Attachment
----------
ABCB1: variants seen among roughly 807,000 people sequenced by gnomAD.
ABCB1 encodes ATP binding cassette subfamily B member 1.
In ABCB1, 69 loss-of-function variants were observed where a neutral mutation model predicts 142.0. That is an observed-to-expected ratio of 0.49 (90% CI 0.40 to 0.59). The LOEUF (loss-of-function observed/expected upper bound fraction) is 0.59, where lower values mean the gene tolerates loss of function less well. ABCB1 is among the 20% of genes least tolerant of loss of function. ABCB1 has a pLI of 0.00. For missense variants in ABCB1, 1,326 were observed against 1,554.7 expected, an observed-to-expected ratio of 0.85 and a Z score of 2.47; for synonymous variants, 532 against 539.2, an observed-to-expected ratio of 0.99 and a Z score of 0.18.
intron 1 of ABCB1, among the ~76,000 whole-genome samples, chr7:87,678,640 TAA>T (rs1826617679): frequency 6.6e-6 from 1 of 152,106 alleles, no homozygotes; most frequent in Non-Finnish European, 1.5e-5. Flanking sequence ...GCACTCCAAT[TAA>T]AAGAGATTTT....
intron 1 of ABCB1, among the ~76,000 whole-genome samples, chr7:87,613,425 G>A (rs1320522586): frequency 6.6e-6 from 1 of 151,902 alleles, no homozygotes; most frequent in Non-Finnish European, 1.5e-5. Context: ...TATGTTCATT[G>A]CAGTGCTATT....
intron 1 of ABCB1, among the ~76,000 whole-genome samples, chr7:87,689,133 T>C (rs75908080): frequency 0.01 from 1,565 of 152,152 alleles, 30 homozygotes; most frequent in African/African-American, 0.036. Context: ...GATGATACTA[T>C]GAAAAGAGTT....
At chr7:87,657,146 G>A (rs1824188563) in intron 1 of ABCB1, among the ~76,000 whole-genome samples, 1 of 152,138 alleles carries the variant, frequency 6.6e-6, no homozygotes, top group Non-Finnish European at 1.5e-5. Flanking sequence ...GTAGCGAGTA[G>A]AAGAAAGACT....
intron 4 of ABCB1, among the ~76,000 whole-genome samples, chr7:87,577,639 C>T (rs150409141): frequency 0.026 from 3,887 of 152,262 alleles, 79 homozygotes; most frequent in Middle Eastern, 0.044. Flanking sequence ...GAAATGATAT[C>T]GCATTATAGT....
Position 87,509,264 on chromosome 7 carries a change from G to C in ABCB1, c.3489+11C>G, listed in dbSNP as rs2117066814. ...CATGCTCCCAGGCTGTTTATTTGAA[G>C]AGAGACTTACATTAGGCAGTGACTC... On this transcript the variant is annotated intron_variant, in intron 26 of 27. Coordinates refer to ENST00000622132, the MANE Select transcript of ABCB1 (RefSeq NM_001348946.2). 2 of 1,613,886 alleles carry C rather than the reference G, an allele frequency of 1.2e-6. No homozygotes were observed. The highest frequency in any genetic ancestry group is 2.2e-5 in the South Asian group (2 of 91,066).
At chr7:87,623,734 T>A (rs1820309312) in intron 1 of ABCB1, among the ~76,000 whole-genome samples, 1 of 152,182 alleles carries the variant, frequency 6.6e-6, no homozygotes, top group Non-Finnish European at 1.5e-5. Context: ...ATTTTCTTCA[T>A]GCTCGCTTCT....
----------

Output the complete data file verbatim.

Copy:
ABCB1: variants seen among roughly 807,000 people sequenced by gnomAD.
ABCB1 encodes ATP binding cassette subfamily B member 1.
In ABCB1, 69 loss-of-function variants were observed where a neutral mutation model predicts 142.0. That is an observed-to-expected ratio of 0.49 (90% CI 0.40 to 0.59). The LOEUF (loss-of-function observed/expected upper bound fraction) is 0.59, where lower values mean the gene tolerates loss of function less well. ABCB1 is among the 20% of genes least tolerant of loss of function. ABCB1 has a pLI of 0.00. For missense variants in ABCB1, 1,326 were observed against 1,554.7 expected, an observed-to-expected ratio of 0.85 and a Z score of 2.47; for synonymous variants, 532 against 539.2, an observed-to-expected ratio of 0.99 and a Z score of 0.18.
intron 1 of ABCB1, among the ~76,000 whole-genome samples, chr7:87,678,640 TAA>T (rs1826617679): frequency 6.6e-6 from 1 of 152,106 alleles, no homozygotes; most frequent in Non-Finnish European, 1.5e-5. Flanking sequence ...GCACTCCAAT[TAA>T]AAGAGATTTT....
intron 1 of ABCB1, among the ~76,000 whole-genome samples, chr7:87,613,425 G>A (rs1320522586): frequency 6.6e-6 from 1 of 151,902 alleles, no homozygotes; most frequent in Non-Finnish European, 1.5e-5. Context: ...TATGTTCATT[G>A]CAGTGCTATT....
intron 1 of ABCB1, among the ~76,000 whole-genome samples, chr7:87,689,133 T>C (rs75908080): frequency 0.01 from 1,565 of 152,152 alleles, 30 homozygotes; most frequent in African/African-American, 0.036. Context: ...GATGATACTA[T>C]GAAAAGAGTT....
At chr7:87,657,146 G>A (rs1824188563) in intron 1 of ABCB1, among the ~76,000 whole-genome samples, 1 of 152,138 alleles carries the variant, frequency 6.6e-6, no homozygotes, top group Non-Finnish European at 1.5e-5. Flanking sequence ...GTAGCGAGTA[G>A]AAGAAAGACT....
intron 4 of ABCB1, among the ~76,000 whole-genome samples, chr7:87,577,639 C>T (rs150409141): frequency 0.026 from 3,887 of 152,262 alleles, 79 homozygotes; most frequent in Middle Eastern, 0.044. Flanking sequence ...GAAATGATAT[C>T]GCATTATAGT....
Position 87,509,264 on chromosome 7 carries a change from G to C in ABCB1, c.3489+11C>G, listed in dbSNP as rs2117066814. ...CATGCTCCCAGGCTGTTTATTTGAA[G>C]AGAGACTTACATTAGGCAGTGACTC... On this transcript the variant is annotated intron_variant, in intron 26 of 27. Coordinates refer to ENST00000622132, the MANE Select transcript of ABCB1 (RefSeq NM_001348946.2). 2 of 1,613,886 alleles carry C rather than the reference G, an allele frequency of 1.2e-6. No homozygotes were observed. The highest frequency in any genetic ancestry group is 2.2e-5 in the South Asian group (2 of 91,066).
At chr7:87,623,734 T>A (rs1820309312) in intron 1 of ABCB1, among the ~76,000 whole-genome samples, 1 of 152,182 alleles carries the variant, frequency 6.6e-6, no homozygotes, top group Non-Finnish European at 1.5e-5. Context: ...ATTTTCTTCA[T>A]GCTCGCTTCT....